June 26, 2006
Sealand - more pictures
Fearghas points to more graphical evidence of risk practices from the Lifeboat station in Harwich.
For those bemused by this attention -- a brief rundown of "Rough Towers," a.k.a. Sealand. Some 5 or so years ago, some colourful libertarian / cypherpunk elements started a "data haven" called Havenco running in this "claimed country". Rumour has it that after the ISP crashed and burnt, all the servers were moved up the Thames estuary to London.
Not wishing to enter into the discussion of whether this place was *MORE* risky or less risky ... Chandler asks:
What kind of country doesn't have a fire department? One that doesn't plan on having a fire, as evidenced by the fact that Sealand/HavenCo didn't have fire insurance.
Well, as they were a separate jurisdiction, they probably hadn't got around to (ahem) legislating an insurance act? Or were you thinking of popping into the local office in Harwich and picking up a home owner's policy?
:) More pictures on site.
Posted by iang at June 26, 2006 07:14 PM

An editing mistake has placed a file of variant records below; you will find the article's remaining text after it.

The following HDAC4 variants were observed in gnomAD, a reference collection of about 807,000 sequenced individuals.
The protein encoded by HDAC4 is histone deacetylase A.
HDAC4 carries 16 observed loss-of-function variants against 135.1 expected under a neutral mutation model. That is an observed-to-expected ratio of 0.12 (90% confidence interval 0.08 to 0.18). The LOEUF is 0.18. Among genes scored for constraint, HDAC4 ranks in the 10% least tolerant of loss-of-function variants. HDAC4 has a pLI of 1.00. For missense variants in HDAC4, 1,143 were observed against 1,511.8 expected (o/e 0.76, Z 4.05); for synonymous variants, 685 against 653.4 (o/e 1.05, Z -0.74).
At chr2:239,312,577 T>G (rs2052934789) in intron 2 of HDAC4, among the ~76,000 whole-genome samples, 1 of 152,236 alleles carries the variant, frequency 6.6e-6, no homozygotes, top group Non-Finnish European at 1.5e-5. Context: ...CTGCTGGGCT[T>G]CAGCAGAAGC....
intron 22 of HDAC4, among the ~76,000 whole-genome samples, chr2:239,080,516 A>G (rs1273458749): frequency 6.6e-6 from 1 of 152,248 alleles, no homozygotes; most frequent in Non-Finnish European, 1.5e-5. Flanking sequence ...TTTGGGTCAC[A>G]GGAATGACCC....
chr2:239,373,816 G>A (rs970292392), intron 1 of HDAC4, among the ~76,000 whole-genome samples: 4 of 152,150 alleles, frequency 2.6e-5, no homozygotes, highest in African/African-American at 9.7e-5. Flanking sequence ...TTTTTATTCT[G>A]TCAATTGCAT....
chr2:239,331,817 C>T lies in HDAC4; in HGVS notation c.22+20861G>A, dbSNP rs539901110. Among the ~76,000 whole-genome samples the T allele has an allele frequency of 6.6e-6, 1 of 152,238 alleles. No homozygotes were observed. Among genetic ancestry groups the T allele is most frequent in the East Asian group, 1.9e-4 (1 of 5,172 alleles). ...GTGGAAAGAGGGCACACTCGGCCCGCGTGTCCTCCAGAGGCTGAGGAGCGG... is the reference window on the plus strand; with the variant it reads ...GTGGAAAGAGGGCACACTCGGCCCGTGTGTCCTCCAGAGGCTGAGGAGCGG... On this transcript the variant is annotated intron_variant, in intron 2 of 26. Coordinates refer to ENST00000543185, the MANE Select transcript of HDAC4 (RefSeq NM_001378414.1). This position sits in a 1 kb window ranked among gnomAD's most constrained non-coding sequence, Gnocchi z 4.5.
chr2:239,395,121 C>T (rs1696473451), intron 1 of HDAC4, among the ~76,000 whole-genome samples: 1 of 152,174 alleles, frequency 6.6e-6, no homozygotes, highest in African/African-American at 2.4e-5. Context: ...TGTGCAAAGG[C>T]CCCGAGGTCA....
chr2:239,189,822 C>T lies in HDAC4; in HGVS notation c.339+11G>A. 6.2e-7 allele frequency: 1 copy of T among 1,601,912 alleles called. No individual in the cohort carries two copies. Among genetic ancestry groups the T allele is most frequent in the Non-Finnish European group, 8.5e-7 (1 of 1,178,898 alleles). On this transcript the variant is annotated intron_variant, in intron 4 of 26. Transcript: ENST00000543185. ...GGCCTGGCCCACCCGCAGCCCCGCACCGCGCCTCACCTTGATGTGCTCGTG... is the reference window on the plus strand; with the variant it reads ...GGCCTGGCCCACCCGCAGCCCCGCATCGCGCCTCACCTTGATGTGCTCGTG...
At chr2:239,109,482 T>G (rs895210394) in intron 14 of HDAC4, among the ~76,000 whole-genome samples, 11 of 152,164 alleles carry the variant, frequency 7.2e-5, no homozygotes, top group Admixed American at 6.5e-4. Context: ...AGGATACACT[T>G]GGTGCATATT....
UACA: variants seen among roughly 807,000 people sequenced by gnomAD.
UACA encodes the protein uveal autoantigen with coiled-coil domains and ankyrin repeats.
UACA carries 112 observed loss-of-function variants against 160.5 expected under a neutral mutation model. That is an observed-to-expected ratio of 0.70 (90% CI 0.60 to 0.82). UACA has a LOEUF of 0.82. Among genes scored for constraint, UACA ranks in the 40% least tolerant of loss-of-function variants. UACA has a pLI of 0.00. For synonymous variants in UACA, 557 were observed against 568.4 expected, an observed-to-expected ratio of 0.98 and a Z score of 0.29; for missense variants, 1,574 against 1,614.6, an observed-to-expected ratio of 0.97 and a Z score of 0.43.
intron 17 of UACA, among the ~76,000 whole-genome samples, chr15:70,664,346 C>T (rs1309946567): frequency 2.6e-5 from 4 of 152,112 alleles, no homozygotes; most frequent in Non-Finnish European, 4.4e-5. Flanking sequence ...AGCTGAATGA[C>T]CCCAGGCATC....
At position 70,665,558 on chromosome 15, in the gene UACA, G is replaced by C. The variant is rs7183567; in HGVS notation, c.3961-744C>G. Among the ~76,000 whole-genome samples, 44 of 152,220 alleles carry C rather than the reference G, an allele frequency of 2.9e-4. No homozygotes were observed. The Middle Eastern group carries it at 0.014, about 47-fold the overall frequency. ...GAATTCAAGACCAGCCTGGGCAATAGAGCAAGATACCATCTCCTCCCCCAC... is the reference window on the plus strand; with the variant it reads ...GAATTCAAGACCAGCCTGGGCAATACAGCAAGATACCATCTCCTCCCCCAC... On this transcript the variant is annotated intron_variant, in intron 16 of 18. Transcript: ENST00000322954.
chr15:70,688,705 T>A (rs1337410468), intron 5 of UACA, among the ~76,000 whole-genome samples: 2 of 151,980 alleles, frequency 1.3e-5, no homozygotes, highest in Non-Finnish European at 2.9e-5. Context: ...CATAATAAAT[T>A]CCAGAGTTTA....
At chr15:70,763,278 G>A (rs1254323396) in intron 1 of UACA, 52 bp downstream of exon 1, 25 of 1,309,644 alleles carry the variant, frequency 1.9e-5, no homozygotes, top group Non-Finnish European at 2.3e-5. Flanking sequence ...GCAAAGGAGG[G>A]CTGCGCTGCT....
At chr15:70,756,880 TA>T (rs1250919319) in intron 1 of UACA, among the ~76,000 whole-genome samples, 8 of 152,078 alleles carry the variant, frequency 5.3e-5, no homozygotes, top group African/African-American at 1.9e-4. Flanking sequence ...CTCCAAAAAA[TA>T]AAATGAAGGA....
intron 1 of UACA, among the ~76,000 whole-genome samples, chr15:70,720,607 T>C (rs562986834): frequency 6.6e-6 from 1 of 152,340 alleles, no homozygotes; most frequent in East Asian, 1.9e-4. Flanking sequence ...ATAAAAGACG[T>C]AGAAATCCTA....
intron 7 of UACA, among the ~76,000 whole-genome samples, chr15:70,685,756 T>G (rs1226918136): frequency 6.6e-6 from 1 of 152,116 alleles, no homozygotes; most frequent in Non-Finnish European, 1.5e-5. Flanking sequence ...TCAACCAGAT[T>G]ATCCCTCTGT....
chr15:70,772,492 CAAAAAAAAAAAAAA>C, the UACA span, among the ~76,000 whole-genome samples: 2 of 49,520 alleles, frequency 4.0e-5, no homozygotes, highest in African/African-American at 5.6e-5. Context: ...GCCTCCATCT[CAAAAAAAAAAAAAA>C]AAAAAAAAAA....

From "SEALAND, HAVENCO, AND THE RULE OF LAW", James Grimmelmann, New York Law School:
A serious fire broke out on Sealand on Friday, June 23, 2006. The only person on Sealand at the time, a security guard, tried and failed to put out the fire. Suffering from smoke inhalation, he had to be airlifted out to Ipswitch Hospital on the mainland by a Royal Air Force helicopter. More than twenty firefighters responded, from a mix of private and governmental groups. A tug sprayed Sealand with water as smoke billowed hundreds of feet into the air.
Michael Bates, who had been visiting his parents in Spain, moved quickly to reoccupy the platform, boarding it with his sons James and Liam on Sunday, June 25. The damage, however, was extensive, estimated at half a million pounds. That total doesn't include the costs of putting out the fire, for which the rescue services decided not to charge Sealand. Charred debris and rusted metal were everywhere, and large quantities of water from the firefighting operation had pooled in the bottom of one of the legs. Over much of the next year, work crews cleaned out the mess, repaired the living quarters, and made Sealand habitable again. A post-fire website, now offline, referred to an "exclusive building contract," and sought investors for the rebuilding for "business ventures that are legal both in the UK and Sealand."